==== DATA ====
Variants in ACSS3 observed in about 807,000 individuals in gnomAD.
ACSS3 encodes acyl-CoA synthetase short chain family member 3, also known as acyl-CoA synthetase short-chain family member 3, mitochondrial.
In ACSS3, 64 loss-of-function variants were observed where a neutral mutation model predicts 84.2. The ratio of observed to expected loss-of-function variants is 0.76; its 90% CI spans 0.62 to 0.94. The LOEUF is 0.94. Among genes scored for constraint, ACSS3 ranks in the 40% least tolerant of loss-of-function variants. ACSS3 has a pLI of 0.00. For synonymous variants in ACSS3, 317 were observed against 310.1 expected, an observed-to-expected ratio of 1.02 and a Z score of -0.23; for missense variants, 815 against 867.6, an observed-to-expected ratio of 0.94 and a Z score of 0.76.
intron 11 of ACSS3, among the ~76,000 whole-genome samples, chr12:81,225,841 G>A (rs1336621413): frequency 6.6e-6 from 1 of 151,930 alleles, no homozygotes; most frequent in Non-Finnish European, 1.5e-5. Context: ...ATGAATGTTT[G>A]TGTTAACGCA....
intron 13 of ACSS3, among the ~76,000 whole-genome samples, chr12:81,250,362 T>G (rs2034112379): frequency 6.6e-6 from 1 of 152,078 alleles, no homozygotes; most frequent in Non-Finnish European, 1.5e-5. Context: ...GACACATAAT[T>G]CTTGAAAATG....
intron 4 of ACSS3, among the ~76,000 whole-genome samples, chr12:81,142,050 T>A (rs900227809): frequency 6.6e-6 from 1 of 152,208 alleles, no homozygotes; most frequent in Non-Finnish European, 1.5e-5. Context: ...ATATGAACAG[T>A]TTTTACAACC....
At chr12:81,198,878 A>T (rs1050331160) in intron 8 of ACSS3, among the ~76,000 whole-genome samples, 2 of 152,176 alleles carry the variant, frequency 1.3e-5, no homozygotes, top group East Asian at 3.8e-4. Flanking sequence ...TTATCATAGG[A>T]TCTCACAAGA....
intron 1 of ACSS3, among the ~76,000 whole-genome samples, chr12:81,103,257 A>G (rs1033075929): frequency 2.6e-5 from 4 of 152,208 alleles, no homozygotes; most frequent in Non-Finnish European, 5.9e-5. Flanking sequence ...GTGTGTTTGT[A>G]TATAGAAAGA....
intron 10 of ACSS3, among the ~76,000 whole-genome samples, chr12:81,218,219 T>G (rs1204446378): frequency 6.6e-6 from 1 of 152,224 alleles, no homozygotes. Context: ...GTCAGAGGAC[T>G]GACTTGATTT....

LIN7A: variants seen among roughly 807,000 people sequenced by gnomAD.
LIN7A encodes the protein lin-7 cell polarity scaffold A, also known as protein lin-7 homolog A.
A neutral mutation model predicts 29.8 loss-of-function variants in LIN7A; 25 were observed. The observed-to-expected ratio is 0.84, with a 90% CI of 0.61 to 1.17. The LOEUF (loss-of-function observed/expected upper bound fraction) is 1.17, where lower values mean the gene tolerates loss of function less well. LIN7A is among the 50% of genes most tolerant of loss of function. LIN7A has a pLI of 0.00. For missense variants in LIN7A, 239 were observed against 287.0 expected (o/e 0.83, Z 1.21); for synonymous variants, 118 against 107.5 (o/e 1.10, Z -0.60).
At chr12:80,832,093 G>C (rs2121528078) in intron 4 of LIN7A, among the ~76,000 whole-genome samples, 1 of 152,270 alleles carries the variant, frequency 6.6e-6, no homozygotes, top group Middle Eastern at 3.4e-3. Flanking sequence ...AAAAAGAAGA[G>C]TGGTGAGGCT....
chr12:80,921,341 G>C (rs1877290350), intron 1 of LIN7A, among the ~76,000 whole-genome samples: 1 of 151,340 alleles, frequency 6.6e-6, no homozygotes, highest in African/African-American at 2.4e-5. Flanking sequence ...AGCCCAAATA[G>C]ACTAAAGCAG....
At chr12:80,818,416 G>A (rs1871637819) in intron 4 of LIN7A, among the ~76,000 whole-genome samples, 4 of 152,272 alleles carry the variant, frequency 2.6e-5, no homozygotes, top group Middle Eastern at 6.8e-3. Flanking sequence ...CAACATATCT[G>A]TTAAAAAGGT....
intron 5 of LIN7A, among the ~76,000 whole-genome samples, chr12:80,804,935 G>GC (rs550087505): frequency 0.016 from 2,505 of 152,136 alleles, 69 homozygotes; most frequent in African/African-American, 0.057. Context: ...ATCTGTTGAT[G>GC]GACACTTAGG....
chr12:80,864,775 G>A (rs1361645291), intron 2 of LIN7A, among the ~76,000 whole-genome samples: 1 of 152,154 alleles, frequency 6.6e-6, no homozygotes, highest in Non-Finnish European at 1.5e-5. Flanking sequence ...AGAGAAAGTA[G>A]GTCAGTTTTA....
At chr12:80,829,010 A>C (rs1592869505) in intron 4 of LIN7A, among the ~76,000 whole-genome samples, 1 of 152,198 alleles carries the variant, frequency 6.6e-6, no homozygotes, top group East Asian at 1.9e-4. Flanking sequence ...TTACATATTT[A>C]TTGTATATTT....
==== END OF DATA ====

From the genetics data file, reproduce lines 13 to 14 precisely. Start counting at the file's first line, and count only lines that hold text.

At chr12:80,832,093 G>C (rs2121528078) in intron 4 of LIN7A, among the ~76,000 whole-genome samples, 1 of 152,270 alleles carries the variant, frequency 6.6e-6, no homozygotes, top group Middle Eastern at 3.4e-3. Flanking sequence ...AAAAAGAAGA[G>C]TGGTGAGGCT....
chr12:80,921,341 G>C (rs1877290350), intron 1 of LIN7A, among the ~76,000 whole-genome samples: 1 of 151,340 alleles, frequency 6.6e-6, no homozygotes, highest in African/African-American at 2.4e-5. Flanking sequence ...AGCCCAAATA[G>C]ACTAAAGCAG....